Jay Cross
Jay Cross

New blog
Links & more

Subscribe with Bloglines
Enter your email address to subscribe to Internet Time Blog.

Just Learn It
Sunday, June 12, 2005
A few days ago, I finished reading Roger Schank’s latest book, Lessons in Learning, e-Learning, and Training, and I’ve recommended it to everyone with whom I’ve spoken at any length since. If you follow Roger’s work, you won’t find many new concepts. What’s new is that Roger has chiselled his messages in bold relief so that only the totally clueless can fail to get the point. He eats his own cooking by bringing his material to life through compelling stories.

Admittedly, Roger is a lightening rod. No one who has experienced him is ambivalent. Many people can’t get past his faux-movie star persona: Roger’s a big, buff, bald, larger-than-life character who beats George Hamilton in the tanning department and tops Salvador Dali in ego. He’s also an original thinker whose acolytes from the Institute for Learning Sciences have spread his gospel far and wide. He particularly irks academics because he’s one of them, having been a professor at Stanford, Yale, Carnegie-Mellon, and Northwestern.

Ruth Clark sums up Lessons in Learning, e-Learning, and Training in the foreword: “The basic premise of this book is that learning is an inductive process. In everyday words, learning occurs by experience, and the best instruction offers learners opportunities to distill their knowledge and skills from interactive stories.”

From the book:
“People who learn on their own learn exactly what they find interesting and potentially useful.”

“For years I have been preaching that the big three issues in education are reasoning, communication, and human relations. Schools must enable students to learn these skills, that they are more important in daily life by far than physics, mathematics, or ancient history.”

“Classrooms are, for the most part, a waste of time.”

“We define ourselves through the stories we choose to tell. Story exchange is what conversation is all about. Stories are at the center of our ability to understand the world around us.”
“Time constraints are the enemy of learning by doing. It takes time to practice – and without practice there is no real learning.”
Socratic Arts links to many of Roger's papers and to his hyperbook Engines for Education. Excerpt from Engines:
Mostly, [kids] should be learning that learning is fun. They should be learning that expanding one's horizons is fun, that learning you were wrong about something is not so painful, and that taking an educational risk is worth doing. They should be learning that school is a good place to do these things. The children of today dread going back to school in September, dread exams, dread receiving their grades, and are generally fearful. No wonder school is stressful. But there is no reason children cannot have intellectual fun, cannot be excited by ideas, and cannot be challenged to acquire new knowledge. Natural learning is a basically enjoyable thing to do. Two-year-olds love to learn. Many adults love to learn. Only school-age children associate learning with fear of failure. We must get the fear of failure out of the school system. Cramming for an exam or trying to please a teacher ought not to be the goal of those seeking an education. If we fail to understand this in a profound way, there will be no helping our schools or our children.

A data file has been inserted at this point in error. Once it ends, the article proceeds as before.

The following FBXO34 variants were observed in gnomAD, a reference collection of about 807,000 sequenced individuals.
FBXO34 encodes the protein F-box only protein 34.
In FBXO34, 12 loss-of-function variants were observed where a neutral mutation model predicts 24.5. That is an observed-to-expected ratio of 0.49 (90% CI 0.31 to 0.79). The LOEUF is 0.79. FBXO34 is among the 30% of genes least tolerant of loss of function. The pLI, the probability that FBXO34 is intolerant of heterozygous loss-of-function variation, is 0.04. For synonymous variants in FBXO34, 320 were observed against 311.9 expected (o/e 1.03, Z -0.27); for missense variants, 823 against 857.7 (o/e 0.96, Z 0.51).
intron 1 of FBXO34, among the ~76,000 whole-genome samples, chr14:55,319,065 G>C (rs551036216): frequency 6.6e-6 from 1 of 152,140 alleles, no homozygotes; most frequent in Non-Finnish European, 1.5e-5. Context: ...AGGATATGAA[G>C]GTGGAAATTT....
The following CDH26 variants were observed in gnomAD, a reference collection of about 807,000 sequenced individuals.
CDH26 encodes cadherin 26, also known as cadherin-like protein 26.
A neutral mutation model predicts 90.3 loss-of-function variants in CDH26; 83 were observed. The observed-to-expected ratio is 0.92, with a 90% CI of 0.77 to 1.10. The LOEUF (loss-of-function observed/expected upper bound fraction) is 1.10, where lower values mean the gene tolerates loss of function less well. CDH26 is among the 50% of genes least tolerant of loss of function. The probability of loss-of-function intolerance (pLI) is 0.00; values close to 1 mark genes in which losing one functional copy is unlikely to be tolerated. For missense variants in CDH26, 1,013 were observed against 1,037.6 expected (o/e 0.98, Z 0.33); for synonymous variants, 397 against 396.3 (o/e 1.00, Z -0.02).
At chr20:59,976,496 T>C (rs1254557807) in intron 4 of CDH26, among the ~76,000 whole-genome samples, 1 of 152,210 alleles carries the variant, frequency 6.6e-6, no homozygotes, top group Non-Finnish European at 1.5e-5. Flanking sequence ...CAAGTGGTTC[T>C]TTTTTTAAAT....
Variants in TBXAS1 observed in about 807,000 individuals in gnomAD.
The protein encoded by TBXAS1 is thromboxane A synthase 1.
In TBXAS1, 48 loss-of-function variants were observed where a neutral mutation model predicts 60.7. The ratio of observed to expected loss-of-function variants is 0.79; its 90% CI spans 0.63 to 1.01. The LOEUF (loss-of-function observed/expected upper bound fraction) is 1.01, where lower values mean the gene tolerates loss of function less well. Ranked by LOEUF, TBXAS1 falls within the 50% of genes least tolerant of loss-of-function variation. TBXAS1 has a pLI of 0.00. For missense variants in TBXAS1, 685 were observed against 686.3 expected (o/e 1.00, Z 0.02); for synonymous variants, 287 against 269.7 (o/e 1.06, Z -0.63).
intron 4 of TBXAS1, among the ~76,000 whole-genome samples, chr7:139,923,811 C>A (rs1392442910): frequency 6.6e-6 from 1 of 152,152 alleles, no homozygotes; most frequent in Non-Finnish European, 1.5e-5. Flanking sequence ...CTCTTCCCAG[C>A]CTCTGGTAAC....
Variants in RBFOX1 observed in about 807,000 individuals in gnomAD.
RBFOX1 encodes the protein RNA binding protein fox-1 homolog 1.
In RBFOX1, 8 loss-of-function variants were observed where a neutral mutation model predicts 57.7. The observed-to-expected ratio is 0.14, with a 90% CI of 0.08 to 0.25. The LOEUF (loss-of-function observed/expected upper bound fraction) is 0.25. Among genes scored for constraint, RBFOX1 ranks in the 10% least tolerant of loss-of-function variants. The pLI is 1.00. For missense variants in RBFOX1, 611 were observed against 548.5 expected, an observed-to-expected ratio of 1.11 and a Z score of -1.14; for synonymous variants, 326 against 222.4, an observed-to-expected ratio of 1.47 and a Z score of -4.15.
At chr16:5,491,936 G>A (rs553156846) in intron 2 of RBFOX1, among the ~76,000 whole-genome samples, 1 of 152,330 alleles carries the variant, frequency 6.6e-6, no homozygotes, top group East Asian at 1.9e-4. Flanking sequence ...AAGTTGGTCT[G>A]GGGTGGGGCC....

Roger's latest Educational Outrage column rants about criticism of Trump University (of which he is Chief Learning Officer). Why does the press take on Donald Trump for naming a university for himself but accept it when Leland Stanford did the same thing? Actually, Stanford named the school for his son, Leland Stanford, Jr., but that's beside the point. The reaction of the press sets Roger in motion on an old but worthy rant:
The question is why school teaches the subjects that it does and whether that should be allowed to continue. Most of what you learn in high school is irrelevant to anyone’s real life. Ask any high school student – they know this all too well. The truth is that unless you want to be a professor, most of what you learn in college or graduate school can be quite irrelevant as well. Even MBA programs, practical as they may be in principle, tend to forget that the students are just there to learn how to do well in business. Professors, who are of course quite academic, might not be the best determiners of what students want to learn or need to learn. Typically they just teach what they want to teach, which is not the same thing. The high school curriculum, school incarnate, was designed by a bunch of professors in 1892. They were not thinking about what students might need to learn in order to succeed in today’s world.


I have always said that everything wrong with education starts with the letter P:

1. Publishers — because they dominate the world of education the way it was.
2. Politicians — because they only care about measurable change in existing education, hence tests.
3. Princeton — or any great university that requires SATs and a fixed HS curriculum that was designed in 1892.
4. Princeton — home of the education testing service the great evil of our time.
5. Press — which intimidates all schools with publishing results of minute differences in test score results.
6. Parents — who insist that school be like it was when they went to school.

A good friend of one of my Princeton roommates went to Yale. When the two met up the summer after their first year in college, my roommate couldn't stand his friend any longer, having been taught one of Princeton's major messages: Hate Yale! Hate Yale! Hate Yale! Hate Yale! Where did W come from? Hate Yale! Hate Yale! Hate Yale! Hate Yale! At least I remember something from four academic years on the campus.


Post a Comment

<< Home

About Us | Contact Us | Home |

Powered by Blogger

Copyright 2005, Internet Time Group, Berkeley, California